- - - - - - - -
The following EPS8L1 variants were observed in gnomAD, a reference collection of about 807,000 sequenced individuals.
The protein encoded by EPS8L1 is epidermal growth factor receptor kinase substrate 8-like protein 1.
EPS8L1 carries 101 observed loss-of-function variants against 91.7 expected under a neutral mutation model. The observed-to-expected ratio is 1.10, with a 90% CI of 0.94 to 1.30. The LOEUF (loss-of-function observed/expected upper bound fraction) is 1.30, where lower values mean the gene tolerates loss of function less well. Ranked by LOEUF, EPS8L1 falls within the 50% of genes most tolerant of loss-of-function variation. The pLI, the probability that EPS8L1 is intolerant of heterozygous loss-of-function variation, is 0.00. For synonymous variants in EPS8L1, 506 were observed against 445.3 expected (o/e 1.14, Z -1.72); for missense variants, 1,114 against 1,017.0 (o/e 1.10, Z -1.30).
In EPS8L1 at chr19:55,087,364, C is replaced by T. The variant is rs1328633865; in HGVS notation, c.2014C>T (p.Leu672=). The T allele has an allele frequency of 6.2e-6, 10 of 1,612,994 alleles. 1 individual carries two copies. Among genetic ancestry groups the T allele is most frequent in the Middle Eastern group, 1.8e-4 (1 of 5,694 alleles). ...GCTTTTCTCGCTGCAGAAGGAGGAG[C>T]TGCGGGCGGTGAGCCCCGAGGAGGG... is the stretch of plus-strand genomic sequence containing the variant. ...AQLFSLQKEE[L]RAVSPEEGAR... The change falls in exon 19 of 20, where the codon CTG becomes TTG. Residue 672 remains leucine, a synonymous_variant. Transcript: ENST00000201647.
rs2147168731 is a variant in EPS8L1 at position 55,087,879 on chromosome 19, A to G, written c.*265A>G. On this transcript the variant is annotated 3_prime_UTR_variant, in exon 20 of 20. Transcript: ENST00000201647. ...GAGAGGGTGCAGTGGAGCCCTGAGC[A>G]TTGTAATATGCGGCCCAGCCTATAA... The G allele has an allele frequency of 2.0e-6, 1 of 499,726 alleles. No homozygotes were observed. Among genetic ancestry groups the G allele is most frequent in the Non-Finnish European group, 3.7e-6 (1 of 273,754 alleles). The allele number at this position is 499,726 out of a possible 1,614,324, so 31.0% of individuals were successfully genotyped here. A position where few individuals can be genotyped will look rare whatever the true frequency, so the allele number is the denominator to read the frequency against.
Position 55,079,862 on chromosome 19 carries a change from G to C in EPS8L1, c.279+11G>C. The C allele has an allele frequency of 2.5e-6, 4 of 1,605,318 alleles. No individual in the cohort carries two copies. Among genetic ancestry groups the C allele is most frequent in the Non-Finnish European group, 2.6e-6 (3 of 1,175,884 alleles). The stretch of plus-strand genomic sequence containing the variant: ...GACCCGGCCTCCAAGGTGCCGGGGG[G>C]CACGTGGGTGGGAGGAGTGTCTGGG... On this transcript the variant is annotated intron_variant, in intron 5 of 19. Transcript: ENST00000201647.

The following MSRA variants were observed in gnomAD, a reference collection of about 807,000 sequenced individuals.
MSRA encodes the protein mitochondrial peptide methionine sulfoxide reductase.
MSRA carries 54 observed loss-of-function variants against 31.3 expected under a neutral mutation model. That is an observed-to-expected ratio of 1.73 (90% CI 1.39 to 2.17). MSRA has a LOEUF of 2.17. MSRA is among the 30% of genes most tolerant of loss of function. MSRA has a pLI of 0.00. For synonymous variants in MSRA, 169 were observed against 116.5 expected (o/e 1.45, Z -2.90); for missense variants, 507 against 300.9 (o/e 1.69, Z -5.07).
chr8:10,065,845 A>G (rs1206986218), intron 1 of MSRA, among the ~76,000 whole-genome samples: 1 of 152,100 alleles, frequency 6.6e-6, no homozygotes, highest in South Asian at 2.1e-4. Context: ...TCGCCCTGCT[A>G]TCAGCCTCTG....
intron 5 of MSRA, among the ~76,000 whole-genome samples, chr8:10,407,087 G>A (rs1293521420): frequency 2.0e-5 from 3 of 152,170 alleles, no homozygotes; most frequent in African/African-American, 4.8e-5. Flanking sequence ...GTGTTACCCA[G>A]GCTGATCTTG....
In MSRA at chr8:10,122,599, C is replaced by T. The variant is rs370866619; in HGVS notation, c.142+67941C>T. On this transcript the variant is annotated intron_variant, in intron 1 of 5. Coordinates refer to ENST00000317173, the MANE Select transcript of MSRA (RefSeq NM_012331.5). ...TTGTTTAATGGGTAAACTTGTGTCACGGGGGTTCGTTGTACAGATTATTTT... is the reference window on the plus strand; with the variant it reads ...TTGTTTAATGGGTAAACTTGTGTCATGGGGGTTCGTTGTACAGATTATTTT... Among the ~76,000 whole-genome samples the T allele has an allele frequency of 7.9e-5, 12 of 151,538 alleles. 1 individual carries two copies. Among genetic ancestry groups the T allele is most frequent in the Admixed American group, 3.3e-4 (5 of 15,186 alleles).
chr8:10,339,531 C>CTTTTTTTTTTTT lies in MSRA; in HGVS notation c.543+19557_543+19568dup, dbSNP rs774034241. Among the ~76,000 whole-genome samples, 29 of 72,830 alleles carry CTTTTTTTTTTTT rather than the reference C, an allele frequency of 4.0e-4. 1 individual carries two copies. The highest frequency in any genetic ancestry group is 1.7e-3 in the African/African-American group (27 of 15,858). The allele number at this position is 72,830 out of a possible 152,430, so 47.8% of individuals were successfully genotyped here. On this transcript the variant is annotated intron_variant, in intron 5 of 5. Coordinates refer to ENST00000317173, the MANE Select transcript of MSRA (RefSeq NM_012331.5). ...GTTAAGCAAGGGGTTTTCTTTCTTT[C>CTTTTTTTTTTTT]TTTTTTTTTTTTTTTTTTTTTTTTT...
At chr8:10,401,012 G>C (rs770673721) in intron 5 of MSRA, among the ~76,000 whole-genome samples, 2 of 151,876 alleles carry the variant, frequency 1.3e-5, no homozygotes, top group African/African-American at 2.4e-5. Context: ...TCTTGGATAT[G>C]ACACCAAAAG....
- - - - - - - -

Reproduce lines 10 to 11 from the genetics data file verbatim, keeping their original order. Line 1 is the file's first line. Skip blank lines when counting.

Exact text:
chr8:10,065,845 A>G (rs1206986218), intron 1 of MSRA, among the ~76,000 whole-genome samples: 1 of 152,100 alleles, frequency 6.6e-6, no homozygotes, highest in South Asian at 2.1e-4. Context: ...TCGCCCTGCT[A>G]TCAGCCTCTG....
intron 5 of MSRA, among the ~76,000 whole-genome samples, chr8:10,407,087 G>A (rs1293521420): frequency 2.0e-5 from 3 of 152,170 alleles, no homozygotes; most frequent in African/African-American, 4.8e-5. Flanking sequence ...GTGTTACCCA[G>A]GCTGATCTTG....